So — I am not ready yet to outline my blog approach — maybe there shouldn’t be one.
In the meantime, I am loving the fact that I get emails from Economist.com with the latest in a variety of topics including technology, green, business education and so on. It is hard not to love their writing skill. This one caught my eye:
The electrification of motoring: The electric-fuel-trade acid test (Sept 3.09).
So I read on to find them talking about one of my favourite terms — invented at the Harvard Business School in 1995 by two researchers — the term is: disruptive technology — an innovation that fulfills the requirements of some, but not most, consumers better than the original technology. They use the example of how charge-coupled devices or CCDs were the technical “disruption” needed to change us from careful photographers with only 24 or 36 shots in a roll of film to free-wheeling snappers taking 1000+ pictures on a holiday (a weekend holiday) — and then sending them to all our friends.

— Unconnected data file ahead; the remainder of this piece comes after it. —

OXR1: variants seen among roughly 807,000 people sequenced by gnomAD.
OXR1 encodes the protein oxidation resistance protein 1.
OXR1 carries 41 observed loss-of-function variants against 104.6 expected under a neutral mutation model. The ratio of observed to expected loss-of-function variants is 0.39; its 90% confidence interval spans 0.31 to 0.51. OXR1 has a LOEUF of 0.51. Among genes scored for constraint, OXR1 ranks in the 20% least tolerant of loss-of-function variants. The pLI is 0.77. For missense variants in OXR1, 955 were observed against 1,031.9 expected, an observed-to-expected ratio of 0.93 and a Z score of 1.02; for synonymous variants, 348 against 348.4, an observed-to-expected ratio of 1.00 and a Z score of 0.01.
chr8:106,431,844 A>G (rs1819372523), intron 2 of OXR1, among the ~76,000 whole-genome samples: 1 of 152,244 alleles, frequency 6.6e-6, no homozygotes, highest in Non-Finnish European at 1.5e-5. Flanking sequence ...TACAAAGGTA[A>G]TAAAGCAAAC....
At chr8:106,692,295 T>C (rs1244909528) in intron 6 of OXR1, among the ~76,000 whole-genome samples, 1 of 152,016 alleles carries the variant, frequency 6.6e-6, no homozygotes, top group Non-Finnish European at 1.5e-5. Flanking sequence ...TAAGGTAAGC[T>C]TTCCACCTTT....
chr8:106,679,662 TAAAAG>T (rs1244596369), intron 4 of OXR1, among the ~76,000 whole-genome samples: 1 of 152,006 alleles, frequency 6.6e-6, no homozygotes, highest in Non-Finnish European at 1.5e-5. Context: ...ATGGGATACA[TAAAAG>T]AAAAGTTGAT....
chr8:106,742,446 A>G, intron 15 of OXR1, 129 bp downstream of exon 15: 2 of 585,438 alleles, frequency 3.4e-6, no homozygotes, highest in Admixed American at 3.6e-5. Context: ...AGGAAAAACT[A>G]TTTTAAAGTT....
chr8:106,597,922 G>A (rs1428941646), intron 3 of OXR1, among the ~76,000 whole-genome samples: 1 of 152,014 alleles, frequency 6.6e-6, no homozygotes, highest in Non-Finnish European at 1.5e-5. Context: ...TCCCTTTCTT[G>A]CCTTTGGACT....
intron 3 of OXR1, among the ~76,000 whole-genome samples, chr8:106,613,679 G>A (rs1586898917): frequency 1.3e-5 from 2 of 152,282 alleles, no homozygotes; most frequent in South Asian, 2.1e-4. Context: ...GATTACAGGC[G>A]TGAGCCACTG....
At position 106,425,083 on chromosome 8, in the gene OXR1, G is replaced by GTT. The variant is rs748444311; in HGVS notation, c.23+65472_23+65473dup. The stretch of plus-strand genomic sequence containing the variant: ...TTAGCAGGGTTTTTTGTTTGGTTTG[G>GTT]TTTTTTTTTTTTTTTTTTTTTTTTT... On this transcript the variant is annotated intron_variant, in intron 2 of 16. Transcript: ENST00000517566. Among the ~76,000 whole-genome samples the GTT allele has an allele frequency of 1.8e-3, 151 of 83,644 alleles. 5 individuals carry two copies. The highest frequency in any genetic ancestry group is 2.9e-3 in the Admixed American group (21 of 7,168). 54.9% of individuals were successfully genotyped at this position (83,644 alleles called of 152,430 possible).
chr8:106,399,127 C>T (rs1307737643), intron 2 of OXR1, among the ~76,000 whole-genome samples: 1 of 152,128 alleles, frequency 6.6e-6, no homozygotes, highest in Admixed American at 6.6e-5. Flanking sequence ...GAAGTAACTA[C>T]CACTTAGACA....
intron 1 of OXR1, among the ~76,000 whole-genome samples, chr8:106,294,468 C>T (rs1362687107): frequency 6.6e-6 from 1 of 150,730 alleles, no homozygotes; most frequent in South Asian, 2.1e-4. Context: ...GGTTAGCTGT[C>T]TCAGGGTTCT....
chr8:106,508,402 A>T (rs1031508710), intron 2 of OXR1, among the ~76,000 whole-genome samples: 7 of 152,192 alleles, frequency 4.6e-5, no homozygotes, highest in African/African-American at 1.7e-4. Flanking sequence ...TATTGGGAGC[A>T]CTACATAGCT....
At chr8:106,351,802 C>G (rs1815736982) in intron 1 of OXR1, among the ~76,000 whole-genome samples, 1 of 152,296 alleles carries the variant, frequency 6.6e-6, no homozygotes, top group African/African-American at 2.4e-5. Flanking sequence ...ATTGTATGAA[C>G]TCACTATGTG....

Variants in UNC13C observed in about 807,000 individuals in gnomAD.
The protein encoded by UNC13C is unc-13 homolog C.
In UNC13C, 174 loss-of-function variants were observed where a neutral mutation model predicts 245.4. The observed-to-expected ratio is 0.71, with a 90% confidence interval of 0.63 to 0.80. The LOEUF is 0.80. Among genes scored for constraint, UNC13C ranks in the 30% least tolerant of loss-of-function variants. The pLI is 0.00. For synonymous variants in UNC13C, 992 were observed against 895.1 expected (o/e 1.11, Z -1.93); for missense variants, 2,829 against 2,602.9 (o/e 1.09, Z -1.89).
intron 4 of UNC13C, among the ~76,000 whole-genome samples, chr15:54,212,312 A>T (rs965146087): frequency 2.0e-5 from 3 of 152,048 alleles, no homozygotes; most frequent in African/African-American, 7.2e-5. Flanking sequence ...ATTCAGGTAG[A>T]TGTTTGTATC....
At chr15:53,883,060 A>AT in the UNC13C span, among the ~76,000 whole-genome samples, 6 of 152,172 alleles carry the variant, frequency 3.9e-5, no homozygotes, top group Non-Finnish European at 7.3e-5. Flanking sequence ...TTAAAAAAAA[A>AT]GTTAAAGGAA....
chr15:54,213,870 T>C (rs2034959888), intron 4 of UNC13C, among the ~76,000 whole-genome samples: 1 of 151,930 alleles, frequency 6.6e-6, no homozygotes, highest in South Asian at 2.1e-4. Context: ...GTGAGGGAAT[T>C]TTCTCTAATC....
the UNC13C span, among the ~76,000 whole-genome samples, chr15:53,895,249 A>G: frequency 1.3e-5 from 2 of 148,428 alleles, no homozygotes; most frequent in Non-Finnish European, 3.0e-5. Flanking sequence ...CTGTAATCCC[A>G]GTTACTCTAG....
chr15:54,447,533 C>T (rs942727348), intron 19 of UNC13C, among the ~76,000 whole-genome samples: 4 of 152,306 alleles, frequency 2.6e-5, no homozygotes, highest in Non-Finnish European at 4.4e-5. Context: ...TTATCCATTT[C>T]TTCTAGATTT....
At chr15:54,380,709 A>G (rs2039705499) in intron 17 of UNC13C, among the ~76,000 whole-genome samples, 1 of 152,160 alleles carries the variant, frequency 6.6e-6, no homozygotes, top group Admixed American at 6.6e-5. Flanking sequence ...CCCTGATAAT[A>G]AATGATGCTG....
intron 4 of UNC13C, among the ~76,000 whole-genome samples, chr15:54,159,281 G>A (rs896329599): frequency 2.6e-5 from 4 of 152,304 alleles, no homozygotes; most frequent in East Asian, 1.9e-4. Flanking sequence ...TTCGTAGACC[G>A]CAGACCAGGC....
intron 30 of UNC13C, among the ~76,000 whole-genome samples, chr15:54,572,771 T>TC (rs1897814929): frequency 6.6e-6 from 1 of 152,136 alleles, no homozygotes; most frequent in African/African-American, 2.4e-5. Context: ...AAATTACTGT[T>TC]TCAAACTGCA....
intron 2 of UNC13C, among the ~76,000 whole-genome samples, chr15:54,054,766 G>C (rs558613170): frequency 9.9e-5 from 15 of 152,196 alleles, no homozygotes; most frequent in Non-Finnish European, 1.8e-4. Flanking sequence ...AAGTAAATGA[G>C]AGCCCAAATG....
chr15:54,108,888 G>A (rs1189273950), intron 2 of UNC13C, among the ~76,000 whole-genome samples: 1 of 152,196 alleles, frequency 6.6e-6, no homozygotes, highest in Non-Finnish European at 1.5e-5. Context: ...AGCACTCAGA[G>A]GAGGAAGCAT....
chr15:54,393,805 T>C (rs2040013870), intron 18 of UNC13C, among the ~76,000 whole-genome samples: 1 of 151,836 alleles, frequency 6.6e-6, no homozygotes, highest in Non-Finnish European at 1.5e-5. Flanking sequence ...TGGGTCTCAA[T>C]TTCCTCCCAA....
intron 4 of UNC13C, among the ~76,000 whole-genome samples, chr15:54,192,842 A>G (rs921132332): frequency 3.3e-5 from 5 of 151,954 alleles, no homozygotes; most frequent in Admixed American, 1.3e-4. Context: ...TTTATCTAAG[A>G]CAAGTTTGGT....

The Economist writer used this story as a preamble/warning to the car companies that they had better be on the alert as disruptive technologies in batteries have been building over the past little while.
To quote: “Bold claims are being made. Carlos Ghosen, who leads the Renault-Nissan alliance, thinks 10% of new cars both in 2020 will be pure-battery vehicles…If that trend continues, liquid fuels might become as obsolete as photographic film.”
So if CCDs were the trigger for digital cameras, then the equivalent for electric cars is the lithium-ion battery or Li-ion.
The story goes on in quite a bit of detail — rippling through options such as specialized city cars (accept minimal range), adding a gas-driven generator known as a “range extender” or do the all-battery thing but introduce battery-exchange stations.
This last idea has a proponent in a California firm called Better Place — they are looking to retro-fit current gas stations and turn them into car-charging and battery-swapping stations.
An interesting point from a consumer perspective is that “separating ownership of the battery from ownership of the car changes the economics of electric vehicles. If you rent the battery rather than buying it, that becomes a running cost (like petrol) and the sticker price of the car drops accordingly. This may not matter to the sophisticated economist, who would amortise the battery cost over the life of the vehicle. Many people, though, are swayed by the number they write on the cheque that they give to the dealer.”
The article goes on to extend these ideas — giving me hope that when I am too aged to ride my Vespa, there will be a well-designed, electric car available — at least for rent!